The soursop is the fruit of Annona muricata, an evergreen from Central and South America adapted to areas of high humidity and relatively warm winters. The taste has been described as a combination of strawberry and pineapple, with sour citrus flavour notes contrasting with an underlying creamy flavour reminiscent of coconut or banana.
 Photograph: Muhammad Mahdi Karim
(via: Wikipedia)

The soursop is the fruit of Annona muricata, an evergreen from Central and South America adapted to areas of high humidity and relatively warm winters. The taste has been described as a combination of strawberry and pineapple, with sour citrus flavour notes contrasting with an underlying creamy flavour reminiscent of coconut or banana.

Photograph: Muhammad Mahdi Karim

(via: Wikipedia)

In Search of Lost Salamanders:

Returning after 38 years to find lost salamanders in the remote cloud forests of Guatemala.

by Robin Moore

“We called it the golden wonder”, says Jeremy Jackson, reminiscing about a salamander that he was the first, and last, to find in the wild 38 years ago.

Time has not dulled his memory: I found the first one under a sheet of bark in a field and, after collecting in this field for weeks without success it was obviously something unusual. What the few photos of Bolitoglossa jacksoni [aka Jackson’s Climbing Salamander] that exist don’t show is the brilliance and depth of the coloration. It was an exceptionally beautiful animal”.

But what brought Jackson to the remote forests of Guatemala all those years ago? His good friend, Paul Elias. Elias had ventured to Guatemala for the first time in 1974 – his findings had been so remarkable that he was compelled to return…

(read more: Medium.com)

photographs by Robin Moore

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astronomy-to-zoology:

Eudiagogus pulcher
…a species of Sesbania Clown Weevil (Eudiagogus spp.), a group of Broad-nosed Weevil (Entiminae). E. pulcher occurs from southern North America and Mexico south to Central America. Adult E. pulcher are typically seen in wetland margins and are known to feed on the foliage of rattlebox (Sesbania spp.). Their larvae will feed on rattlebox as well but instead of foliage will feed on the root nodules of rattlebox.
Classification
Animalia-Arthropoda-Insecta-Coleoptera-Polyphaga-Curculionoidea-Curculionidae-Entiminae-Eudiagogini-Eudiagogus-E. pulcher
Image: ©Tracy Palmer Villalobos

astronomy-to-zoology:

Eudiagogus pulcher

…a species of Sesbania Clown Weevil (Eudiagogus spp.), a group of Broad-nosed Weevil (Entiminae). E. pulcher occurs from southern North America and Mexico south to Central America. Adult E. pulcher are typically seen in wetland margins and are known to feed on the foliage of rattlebox (Sesbania spp.). Their larvae will feed on rattlebox as well but instead of foliage will feed on the root nodules of rattlebox.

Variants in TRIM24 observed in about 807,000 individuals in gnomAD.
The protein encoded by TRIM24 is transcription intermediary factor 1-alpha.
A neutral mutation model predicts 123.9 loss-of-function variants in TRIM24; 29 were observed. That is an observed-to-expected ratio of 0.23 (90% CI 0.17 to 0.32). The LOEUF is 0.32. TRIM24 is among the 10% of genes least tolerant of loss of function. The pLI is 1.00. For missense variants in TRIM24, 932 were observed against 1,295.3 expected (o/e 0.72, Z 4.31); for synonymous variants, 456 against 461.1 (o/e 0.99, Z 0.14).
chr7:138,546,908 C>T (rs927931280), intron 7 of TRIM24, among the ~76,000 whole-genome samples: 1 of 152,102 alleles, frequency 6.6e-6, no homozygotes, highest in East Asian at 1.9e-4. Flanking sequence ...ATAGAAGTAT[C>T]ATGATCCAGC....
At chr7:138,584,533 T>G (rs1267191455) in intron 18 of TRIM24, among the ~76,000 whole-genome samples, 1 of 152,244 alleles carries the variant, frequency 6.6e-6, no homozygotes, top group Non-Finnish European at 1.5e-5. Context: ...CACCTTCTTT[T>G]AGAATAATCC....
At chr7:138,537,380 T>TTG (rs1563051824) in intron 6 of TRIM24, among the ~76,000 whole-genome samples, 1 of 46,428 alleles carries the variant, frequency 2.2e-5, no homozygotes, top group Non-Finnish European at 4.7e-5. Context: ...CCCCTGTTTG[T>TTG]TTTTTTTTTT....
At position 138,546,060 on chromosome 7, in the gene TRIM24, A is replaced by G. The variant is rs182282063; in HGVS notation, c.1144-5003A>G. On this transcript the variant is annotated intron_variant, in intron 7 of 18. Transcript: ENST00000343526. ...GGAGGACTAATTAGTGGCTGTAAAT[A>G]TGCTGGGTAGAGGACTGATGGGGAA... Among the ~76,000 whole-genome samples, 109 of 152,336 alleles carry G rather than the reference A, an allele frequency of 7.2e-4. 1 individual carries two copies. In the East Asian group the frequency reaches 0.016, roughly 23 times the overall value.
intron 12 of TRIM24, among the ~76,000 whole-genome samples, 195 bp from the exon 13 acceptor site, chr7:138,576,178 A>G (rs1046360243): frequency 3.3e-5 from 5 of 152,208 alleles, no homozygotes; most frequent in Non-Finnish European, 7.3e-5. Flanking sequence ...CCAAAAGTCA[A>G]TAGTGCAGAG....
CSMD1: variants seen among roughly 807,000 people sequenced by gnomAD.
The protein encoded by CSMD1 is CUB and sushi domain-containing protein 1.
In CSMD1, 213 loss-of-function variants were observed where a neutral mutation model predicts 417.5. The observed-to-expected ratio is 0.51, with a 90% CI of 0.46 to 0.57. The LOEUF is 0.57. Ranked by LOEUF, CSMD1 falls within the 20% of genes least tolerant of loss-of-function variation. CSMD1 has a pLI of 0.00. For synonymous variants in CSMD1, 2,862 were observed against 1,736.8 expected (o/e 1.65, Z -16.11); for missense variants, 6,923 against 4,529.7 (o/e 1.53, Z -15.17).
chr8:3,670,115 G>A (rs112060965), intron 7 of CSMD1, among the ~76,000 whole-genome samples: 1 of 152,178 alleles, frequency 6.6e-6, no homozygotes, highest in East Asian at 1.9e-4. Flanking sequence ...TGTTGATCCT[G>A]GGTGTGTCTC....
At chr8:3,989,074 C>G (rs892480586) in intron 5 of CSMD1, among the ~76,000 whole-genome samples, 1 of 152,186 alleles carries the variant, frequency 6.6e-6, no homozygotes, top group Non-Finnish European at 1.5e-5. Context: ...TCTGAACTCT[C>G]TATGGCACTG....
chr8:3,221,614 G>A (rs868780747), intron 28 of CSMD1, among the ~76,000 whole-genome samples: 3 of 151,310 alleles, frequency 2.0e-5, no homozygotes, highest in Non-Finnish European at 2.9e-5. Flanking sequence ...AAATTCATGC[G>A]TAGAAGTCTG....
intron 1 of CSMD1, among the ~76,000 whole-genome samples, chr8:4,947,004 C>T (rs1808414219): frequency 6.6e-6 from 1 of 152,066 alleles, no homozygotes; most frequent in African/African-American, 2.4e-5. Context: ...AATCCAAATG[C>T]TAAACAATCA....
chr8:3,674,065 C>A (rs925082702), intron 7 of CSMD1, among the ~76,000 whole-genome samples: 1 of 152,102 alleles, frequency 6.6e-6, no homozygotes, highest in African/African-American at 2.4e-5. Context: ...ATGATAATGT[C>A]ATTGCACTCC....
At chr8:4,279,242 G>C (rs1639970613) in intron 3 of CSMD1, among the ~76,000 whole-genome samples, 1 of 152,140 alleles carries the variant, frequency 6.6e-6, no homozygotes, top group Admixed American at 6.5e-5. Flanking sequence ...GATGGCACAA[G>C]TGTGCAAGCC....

Classification

Animalia-Arthropoda-Insecta-Coleoptera-Polyphaga-Curculionoidea-Curculionidae-Entiminae-Eudiagogini-Eudiagogus-E. pulcher

Image: ©Tracy Palmer Villalobos

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Banded Cucumber Beetle - Diabrotica balteata 
This beautiful beetle belonging to the species Diabrotica balteata (Coleoptera - Chrysomelidae) is a well known pest of many crops in Mexico, the United States and Central America. Adults are distinctive for their bright green color and by having two transverse bands on elytra, each with four irregular yellow spots.
References: [1] - [2]
Photo credit: (via  | ©Luis Stevens) | Locality: San Luis Potosi, Mexico (2014)

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Banded Cucumber Beetle - Diabrotica balteata

This beautiful beetle belonging to the species Diabrotica balteata (Coleoptera - Chrysomelidae) is a well known pest of many crops in Mexico, the United States and Central America. Adults are distinctive for their bright green color and by having two transverse bands on elytra, each with four irregular yellow spots.

References: [1] - [2]

Photo credit: (via | ©Luis Stevens) | Locality: San Luis Potosi, Mexico (2014)

Anhingas (Anhinga anhinga), sometimes called Snakebird or Water Turkey, a kind of Darter, are unusual looking birds. These birds are semi-aquatic.Their bones are much more solid than other birds, which helps them stay underwater, where they hunt fish and other small aquatic animals. They are found from the Gulf Coast of the United States to Central South America.
photograph by Bill Supulski 
(via: Bentsen-Rio Grande Valley State Park - TPWD)

Anhingas (Anhinga anhinga), sometimes called Snakebird or Water Turkey, a kind of Darter, are unusual looking birds. These birds are semi-aquatic.Their bones are much more solid than other birds, which helps them stay underwater, where they hunt fish and other small aquatic animals. They are found from the Gulf Coast of the United States to Central South America.

photograph by Bill Supulski

(via: Bentsen-Rio Grande Valley State Park - TPWD)

dendroica
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Tomas’ Worm Salamander - Oedipina tomasi
Definitely salamanders of the genus Oedipina are one of my favorites, don’t you think they look charming with her long body, its very short limbs, and tiny webbed feet?. Besides, as all other plethodontids, they lack lungs and breathe through their skin. Top it off, they lack aquatic larvae and hatch as miniature adults from eggs laid on land or terrestrial vegetation.
This is Oedipina tomasi (Plethodontidae), a Critically Endangered species only known from The Cusuco National Park in Honduras.
References: [1] - [2] - [3]
Photo credit: ©Andrew Snyder | Locality: Cusuco National Park, Honduras (2010)

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Tomas’ Worm Salamander - Oedipina tomasi